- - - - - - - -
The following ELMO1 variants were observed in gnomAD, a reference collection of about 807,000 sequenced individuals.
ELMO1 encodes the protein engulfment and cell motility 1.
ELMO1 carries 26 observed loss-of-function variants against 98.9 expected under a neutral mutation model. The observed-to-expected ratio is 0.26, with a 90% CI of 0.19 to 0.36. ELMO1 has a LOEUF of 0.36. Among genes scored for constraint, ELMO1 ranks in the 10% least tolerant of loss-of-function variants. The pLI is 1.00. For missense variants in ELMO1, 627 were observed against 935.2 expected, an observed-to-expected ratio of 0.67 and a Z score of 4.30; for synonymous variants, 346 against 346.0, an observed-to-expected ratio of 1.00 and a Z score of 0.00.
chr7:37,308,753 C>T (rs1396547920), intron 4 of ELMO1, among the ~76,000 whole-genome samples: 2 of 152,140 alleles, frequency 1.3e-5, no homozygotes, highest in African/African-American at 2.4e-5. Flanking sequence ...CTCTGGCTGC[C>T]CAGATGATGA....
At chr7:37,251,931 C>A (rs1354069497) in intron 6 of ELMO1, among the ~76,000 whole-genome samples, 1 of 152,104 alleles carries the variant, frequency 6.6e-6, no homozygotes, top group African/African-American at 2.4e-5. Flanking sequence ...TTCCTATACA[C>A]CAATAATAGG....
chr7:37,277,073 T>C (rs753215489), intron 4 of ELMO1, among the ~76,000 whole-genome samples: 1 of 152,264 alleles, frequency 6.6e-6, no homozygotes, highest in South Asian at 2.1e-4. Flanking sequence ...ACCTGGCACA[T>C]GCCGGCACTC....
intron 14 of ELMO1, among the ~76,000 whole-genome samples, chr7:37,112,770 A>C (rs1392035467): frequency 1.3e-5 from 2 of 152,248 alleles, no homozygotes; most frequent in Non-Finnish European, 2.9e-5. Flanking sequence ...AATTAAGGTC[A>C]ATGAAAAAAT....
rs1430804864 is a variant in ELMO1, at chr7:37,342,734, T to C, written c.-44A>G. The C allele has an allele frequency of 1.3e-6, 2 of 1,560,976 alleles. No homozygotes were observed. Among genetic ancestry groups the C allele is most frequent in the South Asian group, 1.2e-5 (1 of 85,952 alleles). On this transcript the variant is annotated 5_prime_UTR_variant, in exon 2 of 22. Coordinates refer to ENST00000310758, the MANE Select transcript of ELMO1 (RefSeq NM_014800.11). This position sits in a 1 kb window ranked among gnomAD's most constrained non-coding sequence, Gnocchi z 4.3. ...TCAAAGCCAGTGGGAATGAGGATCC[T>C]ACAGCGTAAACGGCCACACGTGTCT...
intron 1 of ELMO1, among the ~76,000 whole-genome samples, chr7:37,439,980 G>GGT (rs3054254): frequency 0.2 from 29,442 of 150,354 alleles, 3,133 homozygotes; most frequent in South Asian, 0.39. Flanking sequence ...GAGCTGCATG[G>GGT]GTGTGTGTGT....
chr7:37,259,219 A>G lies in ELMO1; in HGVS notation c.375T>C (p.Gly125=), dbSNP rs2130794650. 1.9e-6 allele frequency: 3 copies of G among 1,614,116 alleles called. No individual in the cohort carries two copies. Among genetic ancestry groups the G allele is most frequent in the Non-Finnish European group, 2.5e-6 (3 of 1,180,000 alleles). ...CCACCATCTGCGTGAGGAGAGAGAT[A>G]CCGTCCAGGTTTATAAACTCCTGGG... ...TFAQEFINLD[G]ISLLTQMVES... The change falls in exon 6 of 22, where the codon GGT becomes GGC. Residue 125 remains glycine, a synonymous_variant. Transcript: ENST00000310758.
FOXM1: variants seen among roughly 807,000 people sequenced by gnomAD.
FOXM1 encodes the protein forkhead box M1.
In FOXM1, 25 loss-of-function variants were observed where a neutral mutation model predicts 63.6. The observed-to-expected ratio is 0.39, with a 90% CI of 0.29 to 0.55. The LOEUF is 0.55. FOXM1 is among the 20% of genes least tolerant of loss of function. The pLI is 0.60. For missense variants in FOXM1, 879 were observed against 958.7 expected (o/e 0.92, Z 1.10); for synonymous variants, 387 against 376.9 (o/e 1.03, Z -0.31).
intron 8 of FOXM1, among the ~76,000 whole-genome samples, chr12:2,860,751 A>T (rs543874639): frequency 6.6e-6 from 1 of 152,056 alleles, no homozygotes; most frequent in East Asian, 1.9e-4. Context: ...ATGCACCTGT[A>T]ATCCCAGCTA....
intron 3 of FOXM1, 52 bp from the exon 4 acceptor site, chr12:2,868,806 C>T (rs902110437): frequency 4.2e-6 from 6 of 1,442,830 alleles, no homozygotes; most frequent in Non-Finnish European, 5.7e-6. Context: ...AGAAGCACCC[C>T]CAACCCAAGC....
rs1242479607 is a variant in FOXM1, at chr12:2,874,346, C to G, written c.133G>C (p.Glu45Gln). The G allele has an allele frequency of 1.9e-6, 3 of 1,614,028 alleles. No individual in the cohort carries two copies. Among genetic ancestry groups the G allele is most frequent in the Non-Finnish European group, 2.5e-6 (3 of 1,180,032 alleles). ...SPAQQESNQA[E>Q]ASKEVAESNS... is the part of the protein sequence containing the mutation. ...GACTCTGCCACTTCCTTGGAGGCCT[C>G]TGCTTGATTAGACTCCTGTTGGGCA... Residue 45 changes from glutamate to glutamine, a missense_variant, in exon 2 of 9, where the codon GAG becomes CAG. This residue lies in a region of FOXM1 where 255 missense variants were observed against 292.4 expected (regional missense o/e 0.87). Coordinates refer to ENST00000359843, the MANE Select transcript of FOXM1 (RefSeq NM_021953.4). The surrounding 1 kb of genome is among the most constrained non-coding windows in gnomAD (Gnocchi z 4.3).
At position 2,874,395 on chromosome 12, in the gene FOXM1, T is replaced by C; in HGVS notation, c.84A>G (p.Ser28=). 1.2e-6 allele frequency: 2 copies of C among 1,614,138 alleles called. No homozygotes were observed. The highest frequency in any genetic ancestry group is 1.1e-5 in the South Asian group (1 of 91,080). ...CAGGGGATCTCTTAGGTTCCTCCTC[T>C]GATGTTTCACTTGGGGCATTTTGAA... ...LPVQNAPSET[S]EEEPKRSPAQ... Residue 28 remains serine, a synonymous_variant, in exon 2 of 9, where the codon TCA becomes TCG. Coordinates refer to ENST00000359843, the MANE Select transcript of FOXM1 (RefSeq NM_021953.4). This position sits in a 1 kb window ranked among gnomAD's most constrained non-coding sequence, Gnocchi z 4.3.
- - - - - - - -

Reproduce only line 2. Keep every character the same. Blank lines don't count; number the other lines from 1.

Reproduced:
ELMO1 encodes the protein engulfment and cell motility 1.